Cowrie is a medium interaction SSH honeypot designed to log brute force attacks and, most importantly, the entire shell interaction performed by the attacker.Cowrie is directly based on Kippo by Upi Tamminen. Features
Some interesting features:Fake filesystem with the ability to add/remove files. A full fake filesystem resembling a Debian 5.0 installation is included Possibility of adding fake file contents so the attacker can ‘cat’ files such as /etc/passwd. Only minimal file contents are included Session logs stored in an UML Compatible format for easy replay with original timings Cowrie saves files downloaded with wget/curl or uploaded with SFTP and scp for later inspection
Additional functionality over standard kippo:SFTP and SCP support for file upload Support for SSH exec commands Logging of direct-tcp connection attempts (ssh proxying) Logging in JSON format for easy processing in log management solutions Many, many additional commands
Software required:An operating system (tested on Debian, CentOS, FreeBSD and Windows 7) Python 2.5+ Twisted 8.0+ PyCrypto pyasn1 Zope Interface
Files of interest:dl/ – files downloaded with wget are stored here log/cowrie.log – log/debug output log/cowrie.json – transaction output in JSON format log/tty/ – session logs utils/playlog.py – utility to replay session logs utils/createfs.py [...]
Weevely is a command line web shell dinamically extended over the network at runtime used for administration and pen testing of remote web accesses. It provides a weaponized telnet-like console through a PHP script running on the target, even in restricted environments.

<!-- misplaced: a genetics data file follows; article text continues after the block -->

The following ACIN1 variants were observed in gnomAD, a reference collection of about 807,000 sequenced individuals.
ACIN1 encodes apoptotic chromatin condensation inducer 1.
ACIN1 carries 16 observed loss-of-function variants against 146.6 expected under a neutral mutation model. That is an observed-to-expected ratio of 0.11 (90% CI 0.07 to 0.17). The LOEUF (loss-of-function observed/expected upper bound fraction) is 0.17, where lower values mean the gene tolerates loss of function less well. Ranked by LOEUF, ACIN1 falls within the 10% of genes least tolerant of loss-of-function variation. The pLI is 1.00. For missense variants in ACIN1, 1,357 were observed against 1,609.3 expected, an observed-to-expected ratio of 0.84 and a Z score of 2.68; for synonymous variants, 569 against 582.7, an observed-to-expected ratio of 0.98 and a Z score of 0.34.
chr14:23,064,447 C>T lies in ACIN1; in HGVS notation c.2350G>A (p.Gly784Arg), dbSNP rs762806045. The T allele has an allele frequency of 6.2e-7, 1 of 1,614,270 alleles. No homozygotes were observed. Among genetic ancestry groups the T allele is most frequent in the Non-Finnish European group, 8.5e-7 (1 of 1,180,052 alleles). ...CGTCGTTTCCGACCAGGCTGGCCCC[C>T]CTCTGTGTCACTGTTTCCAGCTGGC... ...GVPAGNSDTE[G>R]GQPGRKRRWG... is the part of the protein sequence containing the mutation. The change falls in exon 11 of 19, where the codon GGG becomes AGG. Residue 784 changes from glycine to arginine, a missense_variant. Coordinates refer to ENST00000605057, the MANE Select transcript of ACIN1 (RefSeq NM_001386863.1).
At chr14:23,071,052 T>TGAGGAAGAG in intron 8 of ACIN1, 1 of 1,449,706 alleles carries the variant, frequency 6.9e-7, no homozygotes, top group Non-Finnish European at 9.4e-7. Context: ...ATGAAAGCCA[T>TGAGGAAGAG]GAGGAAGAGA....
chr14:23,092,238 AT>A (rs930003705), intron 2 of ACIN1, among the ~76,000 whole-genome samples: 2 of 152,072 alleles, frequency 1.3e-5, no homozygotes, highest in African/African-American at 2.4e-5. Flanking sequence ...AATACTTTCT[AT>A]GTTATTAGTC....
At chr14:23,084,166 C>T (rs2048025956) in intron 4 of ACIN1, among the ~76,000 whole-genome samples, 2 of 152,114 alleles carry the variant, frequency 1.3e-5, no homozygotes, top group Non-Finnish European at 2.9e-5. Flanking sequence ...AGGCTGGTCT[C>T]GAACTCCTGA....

The low footprint agent and over 30 modules shape an extensible framework to administrate, conduct a pen-test, post-exploit, and audit remote web accesses in order to escalate privileges and pivot deeper in the internal networks.
Weevely 3.2.0 Released: Weaponized web shellThe modular framework
Weevely modules extend the terminal providing a layer to interact to the remote target.
The modules feature:Shell/PHP telnet-like network terminal Common server misconfigurations auditing SQL console pivoting on target HTTP traffic proxying through target Mount target file system to local mount point Run scans pivoting on target File upload and download Spawn reverse and direct TCP shells Zip, gz, bz2 and tar handling
The backdoor agent
The remote agent is a very low footprint agent that receives the dynamically injected code from the client, extending the client functionalities over the network at run-time. The agent code is polymorphic and hardly detectable by AV and HIDS. The [...]
OpenVPN supports two very different means for interconnecting networks: routing and bridging.
Routing refers to the interconnection of separate and independent “sub-networks” (subnets) which have non-overlapping ranges of IP addresses. Upon receiving a packet sent to it, a network “router” examines the destination IP address to determine which of several connected networks should receive it, after which that packet is forwarded to the proper network.
Bridging, by comparison, is much simpler. A network “bridge” is simply an electrical interconnection between separate physical networks that are all carrying the same ranges of IP addresses. Standard dumb network “hubs” and “switches” are examples of network bridges. With a hub, packets arriving at any port are “bridged” and sent out to every other port. A switch is a bit smarter, since it is able to adaptively learn which network interface cards (NICs) are attached to which ports. But a switch is still interconnecting network segments carrying the same ranges of IP addresses.
Making the choice for OpenVPN
Although “routed” connections are the most common and straightforward to configure, they suffer from significant [...]